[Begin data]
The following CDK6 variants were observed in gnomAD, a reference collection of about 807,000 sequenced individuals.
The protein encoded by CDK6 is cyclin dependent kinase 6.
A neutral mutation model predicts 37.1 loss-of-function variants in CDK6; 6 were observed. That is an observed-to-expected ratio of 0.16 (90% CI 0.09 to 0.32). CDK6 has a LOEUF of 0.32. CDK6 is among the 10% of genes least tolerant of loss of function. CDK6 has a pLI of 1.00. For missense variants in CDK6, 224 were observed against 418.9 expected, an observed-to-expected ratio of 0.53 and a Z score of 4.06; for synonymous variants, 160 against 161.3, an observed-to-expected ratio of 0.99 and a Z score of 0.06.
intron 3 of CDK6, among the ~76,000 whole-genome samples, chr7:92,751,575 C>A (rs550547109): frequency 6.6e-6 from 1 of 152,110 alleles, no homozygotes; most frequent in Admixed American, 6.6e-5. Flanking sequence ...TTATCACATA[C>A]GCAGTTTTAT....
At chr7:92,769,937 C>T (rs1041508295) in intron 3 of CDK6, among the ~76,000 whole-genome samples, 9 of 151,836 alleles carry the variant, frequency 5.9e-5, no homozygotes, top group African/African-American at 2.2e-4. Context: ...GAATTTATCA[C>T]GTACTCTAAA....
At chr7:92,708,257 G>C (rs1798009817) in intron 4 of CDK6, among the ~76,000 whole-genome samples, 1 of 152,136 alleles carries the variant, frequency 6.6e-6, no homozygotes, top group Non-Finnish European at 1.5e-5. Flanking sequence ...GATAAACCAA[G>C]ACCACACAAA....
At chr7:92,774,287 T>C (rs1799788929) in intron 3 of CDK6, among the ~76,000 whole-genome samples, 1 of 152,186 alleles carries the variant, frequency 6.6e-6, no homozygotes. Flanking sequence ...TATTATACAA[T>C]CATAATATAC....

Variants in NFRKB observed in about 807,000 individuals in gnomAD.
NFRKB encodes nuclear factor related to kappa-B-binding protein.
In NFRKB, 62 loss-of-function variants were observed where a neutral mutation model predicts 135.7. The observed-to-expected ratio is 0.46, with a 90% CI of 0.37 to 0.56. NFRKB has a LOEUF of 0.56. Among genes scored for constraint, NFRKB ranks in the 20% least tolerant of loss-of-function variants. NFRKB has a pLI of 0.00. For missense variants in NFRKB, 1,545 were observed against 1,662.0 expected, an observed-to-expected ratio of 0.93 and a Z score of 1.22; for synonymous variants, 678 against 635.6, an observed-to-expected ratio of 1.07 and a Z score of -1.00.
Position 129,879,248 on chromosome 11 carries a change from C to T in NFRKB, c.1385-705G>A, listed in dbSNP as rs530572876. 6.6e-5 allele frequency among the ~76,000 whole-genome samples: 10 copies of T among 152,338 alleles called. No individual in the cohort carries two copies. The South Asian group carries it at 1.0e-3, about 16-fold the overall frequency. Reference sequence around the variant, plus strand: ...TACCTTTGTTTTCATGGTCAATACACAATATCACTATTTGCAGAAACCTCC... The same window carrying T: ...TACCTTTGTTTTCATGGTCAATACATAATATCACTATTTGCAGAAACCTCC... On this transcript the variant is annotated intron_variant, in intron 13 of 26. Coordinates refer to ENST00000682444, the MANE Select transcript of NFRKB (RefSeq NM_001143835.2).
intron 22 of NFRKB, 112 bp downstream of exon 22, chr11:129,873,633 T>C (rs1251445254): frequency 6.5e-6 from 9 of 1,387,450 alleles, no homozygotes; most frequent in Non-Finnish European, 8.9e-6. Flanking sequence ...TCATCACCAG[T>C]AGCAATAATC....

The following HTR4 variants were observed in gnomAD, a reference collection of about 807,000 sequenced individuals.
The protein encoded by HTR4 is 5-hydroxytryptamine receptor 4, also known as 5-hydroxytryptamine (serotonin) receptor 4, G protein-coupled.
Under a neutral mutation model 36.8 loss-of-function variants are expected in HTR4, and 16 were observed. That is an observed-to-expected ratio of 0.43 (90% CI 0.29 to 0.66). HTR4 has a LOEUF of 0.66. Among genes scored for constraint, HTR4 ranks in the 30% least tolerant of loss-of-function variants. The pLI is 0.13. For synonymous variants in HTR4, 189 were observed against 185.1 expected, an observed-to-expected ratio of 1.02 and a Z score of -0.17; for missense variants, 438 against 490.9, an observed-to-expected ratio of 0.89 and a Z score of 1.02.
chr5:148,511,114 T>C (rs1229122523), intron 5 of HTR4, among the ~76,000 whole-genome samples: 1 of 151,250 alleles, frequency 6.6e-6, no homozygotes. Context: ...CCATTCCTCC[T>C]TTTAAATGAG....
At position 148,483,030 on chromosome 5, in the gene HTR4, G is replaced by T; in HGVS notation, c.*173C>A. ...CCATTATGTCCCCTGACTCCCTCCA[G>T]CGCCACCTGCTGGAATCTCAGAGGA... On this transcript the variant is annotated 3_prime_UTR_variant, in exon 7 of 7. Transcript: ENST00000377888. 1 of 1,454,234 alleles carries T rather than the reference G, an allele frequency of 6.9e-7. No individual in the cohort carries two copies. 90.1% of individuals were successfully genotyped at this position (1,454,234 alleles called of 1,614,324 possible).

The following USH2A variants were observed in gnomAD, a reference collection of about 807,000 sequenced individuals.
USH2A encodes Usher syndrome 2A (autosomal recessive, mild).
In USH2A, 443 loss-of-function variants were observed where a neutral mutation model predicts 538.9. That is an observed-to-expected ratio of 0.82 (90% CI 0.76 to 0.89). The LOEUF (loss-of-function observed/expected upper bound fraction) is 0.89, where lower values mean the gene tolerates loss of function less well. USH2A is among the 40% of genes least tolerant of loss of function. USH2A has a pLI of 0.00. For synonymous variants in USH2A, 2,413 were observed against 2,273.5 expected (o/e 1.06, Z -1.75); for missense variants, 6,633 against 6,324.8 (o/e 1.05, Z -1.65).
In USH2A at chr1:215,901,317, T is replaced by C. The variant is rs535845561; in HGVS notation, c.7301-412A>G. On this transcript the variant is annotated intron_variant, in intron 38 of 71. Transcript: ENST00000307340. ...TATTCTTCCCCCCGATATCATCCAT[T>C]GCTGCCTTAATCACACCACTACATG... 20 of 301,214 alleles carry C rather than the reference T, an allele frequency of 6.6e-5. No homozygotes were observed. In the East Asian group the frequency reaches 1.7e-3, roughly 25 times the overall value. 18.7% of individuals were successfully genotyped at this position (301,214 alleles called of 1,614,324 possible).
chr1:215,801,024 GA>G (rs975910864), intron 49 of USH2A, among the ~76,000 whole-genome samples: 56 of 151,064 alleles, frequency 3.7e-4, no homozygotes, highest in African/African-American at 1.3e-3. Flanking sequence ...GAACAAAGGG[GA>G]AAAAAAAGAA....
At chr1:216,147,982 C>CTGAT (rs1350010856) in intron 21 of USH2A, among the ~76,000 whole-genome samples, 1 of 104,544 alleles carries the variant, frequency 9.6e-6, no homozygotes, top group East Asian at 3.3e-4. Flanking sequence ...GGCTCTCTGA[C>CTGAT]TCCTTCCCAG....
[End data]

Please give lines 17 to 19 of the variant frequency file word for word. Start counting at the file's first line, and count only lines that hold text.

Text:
At position 148,483,030 on chromosome 5, in the gene HTR4, G is replaced by T; in HGVS notation, c.*173C>A. ...CCATTATGTCCCCTGACTCCCTCCA[G>T]CGCCACCTGCTGGAATCTCAGAGGA... On this transcript the variant is annotated 3_prime_UTR_variant, in exon 7 of 7. Transcript: ENST00000377888. 1 of 1,454,234 alleles carries T rather than the reference G, an allele frequency of 6.9e-7. No individual in the cohort carries two copies. 90.1% of individuals were successfully genotyped at this position (1,454,234 alleles called of 1,614,324 possible).

The following USH2A variants were observed in gnomAD, a reference collection of about 807,000 sequenced individuals.
USH2A encodes Usher syndrome 2A (autosomal recessive, mild).